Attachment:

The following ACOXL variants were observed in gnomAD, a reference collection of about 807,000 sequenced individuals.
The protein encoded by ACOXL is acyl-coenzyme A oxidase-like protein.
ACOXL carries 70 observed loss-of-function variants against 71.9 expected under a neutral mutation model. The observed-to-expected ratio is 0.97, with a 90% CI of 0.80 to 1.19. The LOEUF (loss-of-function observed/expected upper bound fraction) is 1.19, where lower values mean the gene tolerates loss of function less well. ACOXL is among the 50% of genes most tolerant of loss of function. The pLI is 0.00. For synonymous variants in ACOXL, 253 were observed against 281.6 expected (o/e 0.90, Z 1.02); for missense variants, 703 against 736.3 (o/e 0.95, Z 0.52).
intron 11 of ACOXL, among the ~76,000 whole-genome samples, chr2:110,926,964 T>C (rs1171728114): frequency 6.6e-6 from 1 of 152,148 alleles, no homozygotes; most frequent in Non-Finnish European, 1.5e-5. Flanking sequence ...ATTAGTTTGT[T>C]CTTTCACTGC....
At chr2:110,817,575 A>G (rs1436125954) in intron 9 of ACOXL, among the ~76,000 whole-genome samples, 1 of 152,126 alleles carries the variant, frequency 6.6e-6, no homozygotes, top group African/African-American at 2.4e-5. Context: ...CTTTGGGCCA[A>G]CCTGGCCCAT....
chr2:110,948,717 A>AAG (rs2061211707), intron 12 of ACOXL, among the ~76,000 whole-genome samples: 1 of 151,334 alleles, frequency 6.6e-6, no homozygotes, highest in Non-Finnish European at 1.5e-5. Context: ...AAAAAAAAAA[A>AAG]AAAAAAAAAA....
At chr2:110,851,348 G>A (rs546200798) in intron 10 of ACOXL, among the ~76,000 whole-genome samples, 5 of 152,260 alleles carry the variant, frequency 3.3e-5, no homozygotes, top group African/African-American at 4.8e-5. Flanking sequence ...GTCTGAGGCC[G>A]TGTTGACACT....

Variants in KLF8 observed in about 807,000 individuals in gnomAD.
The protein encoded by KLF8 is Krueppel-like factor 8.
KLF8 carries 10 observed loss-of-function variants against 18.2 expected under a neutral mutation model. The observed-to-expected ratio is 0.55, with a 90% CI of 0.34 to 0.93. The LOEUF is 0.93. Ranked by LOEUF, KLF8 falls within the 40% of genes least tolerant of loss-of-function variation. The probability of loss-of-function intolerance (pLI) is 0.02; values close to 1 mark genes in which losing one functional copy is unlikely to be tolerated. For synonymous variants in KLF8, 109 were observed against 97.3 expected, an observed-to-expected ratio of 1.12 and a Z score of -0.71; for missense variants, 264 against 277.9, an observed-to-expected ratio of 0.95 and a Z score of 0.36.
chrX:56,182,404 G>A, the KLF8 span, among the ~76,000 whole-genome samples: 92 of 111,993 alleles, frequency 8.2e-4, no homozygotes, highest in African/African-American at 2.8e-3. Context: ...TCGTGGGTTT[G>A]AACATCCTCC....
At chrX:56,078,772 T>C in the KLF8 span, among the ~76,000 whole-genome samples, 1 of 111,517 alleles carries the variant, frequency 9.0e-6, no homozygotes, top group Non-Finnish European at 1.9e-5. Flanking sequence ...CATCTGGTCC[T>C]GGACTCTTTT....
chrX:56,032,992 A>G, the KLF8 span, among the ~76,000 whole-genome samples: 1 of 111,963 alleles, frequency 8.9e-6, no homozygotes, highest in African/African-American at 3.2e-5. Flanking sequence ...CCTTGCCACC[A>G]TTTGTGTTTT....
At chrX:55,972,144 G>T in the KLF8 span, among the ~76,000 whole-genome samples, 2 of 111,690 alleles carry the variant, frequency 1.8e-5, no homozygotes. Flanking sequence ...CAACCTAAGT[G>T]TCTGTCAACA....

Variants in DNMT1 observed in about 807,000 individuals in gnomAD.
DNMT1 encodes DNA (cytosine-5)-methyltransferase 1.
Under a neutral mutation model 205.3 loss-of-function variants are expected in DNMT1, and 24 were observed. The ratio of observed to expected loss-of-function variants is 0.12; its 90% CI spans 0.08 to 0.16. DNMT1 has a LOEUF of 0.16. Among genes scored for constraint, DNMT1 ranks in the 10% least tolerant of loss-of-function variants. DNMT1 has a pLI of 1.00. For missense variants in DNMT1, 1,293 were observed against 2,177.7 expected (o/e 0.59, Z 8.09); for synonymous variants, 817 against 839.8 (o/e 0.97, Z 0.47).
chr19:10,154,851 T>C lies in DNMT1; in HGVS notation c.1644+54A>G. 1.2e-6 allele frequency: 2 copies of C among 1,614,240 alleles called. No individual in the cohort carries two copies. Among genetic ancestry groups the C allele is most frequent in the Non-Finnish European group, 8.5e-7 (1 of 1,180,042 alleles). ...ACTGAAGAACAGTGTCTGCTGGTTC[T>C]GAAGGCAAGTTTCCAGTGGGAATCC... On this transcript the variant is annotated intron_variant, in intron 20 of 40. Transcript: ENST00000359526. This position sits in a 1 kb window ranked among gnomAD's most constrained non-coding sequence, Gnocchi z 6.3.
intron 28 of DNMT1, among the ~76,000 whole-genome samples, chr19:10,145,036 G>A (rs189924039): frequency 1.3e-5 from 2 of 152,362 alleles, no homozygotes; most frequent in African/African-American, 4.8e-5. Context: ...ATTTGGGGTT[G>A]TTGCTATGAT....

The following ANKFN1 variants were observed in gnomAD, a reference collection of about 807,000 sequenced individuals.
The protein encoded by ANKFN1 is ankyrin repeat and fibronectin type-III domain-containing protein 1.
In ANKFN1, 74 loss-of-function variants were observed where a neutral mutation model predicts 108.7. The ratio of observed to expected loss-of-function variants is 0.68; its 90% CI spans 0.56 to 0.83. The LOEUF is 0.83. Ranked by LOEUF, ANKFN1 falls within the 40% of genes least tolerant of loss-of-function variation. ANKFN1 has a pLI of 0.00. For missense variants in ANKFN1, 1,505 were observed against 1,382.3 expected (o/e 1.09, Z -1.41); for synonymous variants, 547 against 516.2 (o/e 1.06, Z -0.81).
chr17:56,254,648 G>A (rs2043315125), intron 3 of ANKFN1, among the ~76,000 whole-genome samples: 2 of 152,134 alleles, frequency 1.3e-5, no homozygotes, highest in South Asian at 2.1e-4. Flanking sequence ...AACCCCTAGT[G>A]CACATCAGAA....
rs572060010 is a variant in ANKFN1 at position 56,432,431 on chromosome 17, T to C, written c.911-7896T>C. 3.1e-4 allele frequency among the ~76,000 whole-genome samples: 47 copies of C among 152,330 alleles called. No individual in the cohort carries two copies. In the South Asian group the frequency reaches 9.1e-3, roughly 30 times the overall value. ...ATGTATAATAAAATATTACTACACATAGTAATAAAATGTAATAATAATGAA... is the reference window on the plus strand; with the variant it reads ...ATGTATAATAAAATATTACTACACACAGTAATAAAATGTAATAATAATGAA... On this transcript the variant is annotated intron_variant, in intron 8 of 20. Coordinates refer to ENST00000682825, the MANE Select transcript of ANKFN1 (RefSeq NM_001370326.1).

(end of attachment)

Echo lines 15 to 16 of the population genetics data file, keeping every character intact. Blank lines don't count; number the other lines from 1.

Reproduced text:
Variants in DNMT1 observed in about 807,000 individuals in gnomAD.
DNMT1 encodes DNA (cytosine-5)-methyltransferase 1.